Here are a few of my talks & panels:
Also while at RStudio::Conf 2019 in Austin, TX, I was glad to join a stellar panel of data science veterans—Hilary Parker of StitchFix, Karthik Ram from UC Berkeley, and TracyTeal of Data Carpentries, moderated by Eduardo Ariño de la Rubia of Instagram—to discuss Growth and Data Science: Individuals, leaders, organizations and responsibilities. We talked about growing as data scientists, as data science leaders, and as data science teams.
In early 2018 Google hosted MassTLC's Applied Machine Learning Developer Day, where I presented a talk ‘On Keeping Things Simple’, about deploying machine learning algos in production.
On what must have been the hottest NYC summer day of 2017, Columbia University’s Tow Center for Digital Journalism and Brown Institute for Media Innovation presented Artificial Intelligence: Practice and Implications for Journalism. The conference featured leading journalists, technologists, legal scholars and academics in conversation around the current and near future applications, challenges, and legal implications of AI implementation in products and newsrooms.
In May 2017 I gave a talk on building data science teams in industry and setting them up for success at csv,conf—a non-profit community conference run by some folks who really love data and sharing knowledge.
Some more of my stuff and appearances in audio & print:
This Week in Machine Learning & AI (TWIMLAI), August 2019
It was a treat to tell Sam all about Data Science at iRobot. When we recorded the episode, iRobot was just completing an internal re-aligning; in our conversation we covered our freshly minted architecture and I shared some insight into a new data-forward thought process—and a look at the evolution of iRobot on that front. We also discussed where iRobot data comes from, how we taxonomize data science, the platforms and processes that have been put into place to support delivering models in production, and the role of DevOps in bringing these various platforms together.
TWiML & AI, hosted by Sam Charrington, is a podcast that brings top minds and ideas from the world of AI to a broad and influential community of data scientists, engineers and tech-savvy business and IT leaders.
Masters of Data, June 2019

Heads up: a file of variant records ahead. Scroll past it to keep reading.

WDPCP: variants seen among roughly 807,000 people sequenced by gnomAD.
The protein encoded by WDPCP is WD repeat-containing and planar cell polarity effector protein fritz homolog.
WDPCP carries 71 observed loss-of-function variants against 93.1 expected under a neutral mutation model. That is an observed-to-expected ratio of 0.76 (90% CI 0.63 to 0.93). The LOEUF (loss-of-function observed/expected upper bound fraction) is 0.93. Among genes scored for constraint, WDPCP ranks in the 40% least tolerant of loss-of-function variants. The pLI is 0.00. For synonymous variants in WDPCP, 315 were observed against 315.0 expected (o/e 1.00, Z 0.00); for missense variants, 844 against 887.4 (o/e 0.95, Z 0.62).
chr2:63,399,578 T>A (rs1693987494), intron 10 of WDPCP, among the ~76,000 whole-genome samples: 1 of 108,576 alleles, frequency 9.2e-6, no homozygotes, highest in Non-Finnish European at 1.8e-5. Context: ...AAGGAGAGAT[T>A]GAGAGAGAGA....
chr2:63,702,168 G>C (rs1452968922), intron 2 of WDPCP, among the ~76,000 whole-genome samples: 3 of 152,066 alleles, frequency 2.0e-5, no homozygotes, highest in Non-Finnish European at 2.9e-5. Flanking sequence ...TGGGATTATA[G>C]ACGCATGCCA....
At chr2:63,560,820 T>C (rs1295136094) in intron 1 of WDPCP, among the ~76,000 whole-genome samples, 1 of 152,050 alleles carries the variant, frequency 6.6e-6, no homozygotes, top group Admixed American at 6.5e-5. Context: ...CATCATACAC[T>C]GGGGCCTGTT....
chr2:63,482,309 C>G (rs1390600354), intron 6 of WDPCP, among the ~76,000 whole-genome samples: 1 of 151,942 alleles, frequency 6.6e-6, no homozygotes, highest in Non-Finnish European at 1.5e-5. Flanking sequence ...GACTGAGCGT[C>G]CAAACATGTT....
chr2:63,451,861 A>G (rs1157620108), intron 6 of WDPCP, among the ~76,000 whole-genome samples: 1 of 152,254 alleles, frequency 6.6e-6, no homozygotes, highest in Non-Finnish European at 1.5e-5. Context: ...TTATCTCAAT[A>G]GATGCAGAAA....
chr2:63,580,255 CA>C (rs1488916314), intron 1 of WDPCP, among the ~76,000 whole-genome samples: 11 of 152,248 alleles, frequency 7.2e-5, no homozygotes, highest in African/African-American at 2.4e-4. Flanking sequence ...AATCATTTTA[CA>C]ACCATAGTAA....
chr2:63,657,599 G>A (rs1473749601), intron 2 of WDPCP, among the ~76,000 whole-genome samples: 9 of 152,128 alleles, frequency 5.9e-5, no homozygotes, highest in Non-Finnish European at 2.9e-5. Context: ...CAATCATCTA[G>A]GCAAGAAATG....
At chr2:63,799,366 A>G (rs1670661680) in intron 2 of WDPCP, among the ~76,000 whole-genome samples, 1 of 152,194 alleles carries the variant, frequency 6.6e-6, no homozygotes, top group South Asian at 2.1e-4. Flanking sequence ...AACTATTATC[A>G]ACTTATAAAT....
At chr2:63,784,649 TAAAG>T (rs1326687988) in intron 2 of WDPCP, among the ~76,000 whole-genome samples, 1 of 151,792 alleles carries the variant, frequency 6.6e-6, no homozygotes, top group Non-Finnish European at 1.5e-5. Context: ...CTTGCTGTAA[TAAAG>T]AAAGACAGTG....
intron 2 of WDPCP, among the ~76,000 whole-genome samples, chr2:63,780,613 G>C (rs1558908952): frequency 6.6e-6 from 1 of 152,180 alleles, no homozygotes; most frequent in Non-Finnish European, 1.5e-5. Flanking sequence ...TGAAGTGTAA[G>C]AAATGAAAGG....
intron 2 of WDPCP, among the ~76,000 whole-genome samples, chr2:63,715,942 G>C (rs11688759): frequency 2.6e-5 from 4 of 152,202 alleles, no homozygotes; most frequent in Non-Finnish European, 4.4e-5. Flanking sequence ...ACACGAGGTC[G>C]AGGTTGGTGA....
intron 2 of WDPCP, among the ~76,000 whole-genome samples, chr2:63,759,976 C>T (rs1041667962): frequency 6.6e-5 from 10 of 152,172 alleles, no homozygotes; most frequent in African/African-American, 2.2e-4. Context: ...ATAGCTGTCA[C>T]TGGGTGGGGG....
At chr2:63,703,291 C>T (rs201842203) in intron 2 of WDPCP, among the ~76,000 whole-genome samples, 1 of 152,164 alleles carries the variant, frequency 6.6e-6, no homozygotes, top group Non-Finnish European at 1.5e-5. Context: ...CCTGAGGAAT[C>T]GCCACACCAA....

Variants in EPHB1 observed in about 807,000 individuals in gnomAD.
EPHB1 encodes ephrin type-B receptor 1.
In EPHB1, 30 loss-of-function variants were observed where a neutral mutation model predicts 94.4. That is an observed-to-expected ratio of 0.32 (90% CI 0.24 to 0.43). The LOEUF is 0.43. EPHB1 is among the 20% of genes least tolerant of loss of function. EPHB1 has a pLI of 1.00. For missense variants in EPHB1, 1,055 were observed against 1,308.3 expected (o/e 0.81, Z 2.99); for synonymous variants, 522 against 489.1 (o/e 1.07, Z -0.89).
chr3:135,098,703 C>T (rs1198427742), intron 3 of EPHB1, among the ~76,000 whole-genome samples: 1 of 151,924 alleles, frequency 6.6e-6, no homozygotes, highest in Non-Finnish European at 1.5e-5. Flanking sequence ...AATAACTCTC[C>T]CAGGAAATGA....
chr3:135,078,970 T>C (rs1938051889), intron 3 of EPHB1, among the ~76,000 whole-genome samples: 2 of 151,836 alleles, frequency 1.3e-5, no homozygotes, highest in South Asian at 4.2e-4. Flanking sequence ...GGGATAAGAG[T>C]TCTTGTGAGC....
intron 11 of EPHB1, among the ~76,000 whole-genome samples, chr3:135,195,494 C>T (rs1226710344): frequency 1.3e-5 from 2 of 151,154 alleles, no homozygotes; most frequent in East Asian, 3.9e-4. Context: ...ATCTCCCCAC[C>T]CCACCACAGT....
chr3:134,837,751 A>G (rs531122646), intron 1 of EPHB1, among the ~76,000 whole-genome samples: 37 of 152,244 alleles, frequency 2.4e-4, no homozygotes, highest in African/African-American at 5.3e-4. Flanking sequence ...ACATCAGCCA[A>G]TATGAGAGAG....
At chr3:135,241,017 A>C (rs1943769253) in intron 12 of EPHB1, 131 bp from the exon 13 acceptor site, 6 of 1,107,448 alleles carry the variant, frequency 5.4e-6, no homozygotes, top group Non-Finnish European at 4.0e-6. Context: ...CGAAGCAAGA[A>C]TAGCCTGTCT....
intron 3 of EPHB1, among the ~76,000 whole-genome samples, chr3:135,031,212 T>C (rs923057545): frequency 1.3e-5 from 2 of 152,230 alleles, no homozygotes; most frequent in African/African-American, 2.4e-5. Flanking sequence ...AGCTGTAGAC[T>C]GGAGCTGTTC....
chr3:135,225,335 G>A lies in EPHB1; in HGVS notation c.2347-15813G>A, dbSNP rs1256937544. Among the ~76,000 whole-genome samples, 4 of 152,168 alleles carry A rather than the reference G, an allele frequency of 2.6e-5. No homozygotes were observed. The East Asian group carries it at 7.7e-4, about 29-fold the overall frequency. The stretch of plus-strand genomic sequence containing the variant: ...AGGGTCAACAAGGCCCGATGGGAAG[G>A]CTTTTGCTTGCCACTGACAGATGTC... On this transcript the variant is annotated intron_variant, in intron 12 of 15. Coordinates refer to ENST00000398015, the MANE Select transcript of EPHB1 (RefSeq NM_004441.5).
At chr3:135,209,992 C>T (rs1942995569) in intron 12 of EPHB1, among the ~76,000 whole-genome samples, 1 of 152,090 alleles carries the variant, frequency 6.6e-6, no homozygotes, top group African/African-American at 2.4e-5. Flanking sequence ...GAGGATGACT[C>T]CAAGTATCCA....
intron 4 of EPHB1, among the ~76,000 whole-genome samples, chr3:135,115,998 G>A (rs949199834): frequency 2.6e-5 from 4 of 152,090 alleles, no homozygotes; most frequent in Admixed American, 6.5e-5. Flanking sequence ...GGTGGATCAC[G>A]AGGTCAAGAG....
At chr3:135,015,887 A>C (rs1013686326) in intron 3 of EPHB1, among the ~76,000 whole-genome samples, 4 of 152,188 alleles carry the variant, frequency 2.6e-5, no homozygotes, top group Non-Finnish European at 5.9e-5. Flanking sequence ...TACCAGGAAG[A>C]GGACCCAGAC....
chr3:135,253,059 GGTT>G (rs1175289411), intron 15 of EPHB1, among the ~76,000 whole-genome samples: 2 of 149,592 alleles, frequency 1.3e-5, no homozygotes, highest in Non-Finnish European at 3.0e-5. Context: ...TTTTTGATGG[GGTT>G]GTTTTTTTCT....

iRobot is one of the most innovative robotics companies on the planet, and in this episode I talked about how iRobot's recent product announcements reveal more than just product innovation. I discussed our new iRobot 2.0 platform and our new approach to building robots, developing software, and sciencing on data.
Masters of Data is a podcast sponsored by Sumo Logic in which host Ben Newton talks to the people that are driving the Modern Data revolution and hear their stories about Data Science, Ethics, Privacy, Innovation, Cool Technology, and more.
ZDNet, May 2019
This article, by Larry Dignan for Between the Lines, details how iRobot has used its new design, software, and data science strategies to expand into new areas, using an approach to the smart home that is different from its big tech rivals. "Cultural change is why we are spending money on data science," CEO Colin Angle says. "iRobot is transitioning from a largely hardware company to one about data."
DataFramed, November 2018
In this episode, Hugo and I discuss managing data science teams: we talk about how to get into data science management, how to hire data scientists, and much more.
DataFramed is hosted by Hugo Bowne-Anderson, who explores what problems data science tries to solve instead of what definition fits it best—from automated medical diagnosis and self-driving cars to recommendation systems and climate change.
DataFramed is a podcast from DataCamp. DataCamp's executive team has acknowledged sexual assault and has tried to limit the reach of this acknowledgement. The company also quickly terminated employees who raised ethical concerns about the cover-up even as it took over 500 days to address it publicly. I did not know the extent of this when I recorded this episode, so I'm now using this space to help search engines find and index these links.
At first I thought it was a giant missed opportunity by DataCamp to do the right thing from the start, but it is hard to continue to assume positive intent after all of these actions have come to light. Please do not give money to DataCamp, you can find many alternatives in this excellent thread by Chris Engelhardt.
Harvard Business Review, October 2018
Many managers of data science teams become managers because they were great individual contributors and not necessarily because they have the skills or training to lead a team. But management is a skill unto itself, and relying on your experience as a successful individual contributor is not enough to ensure that you are able to retain and develop great talent while delivering valuable learnings, products, and outcomes back to the organization.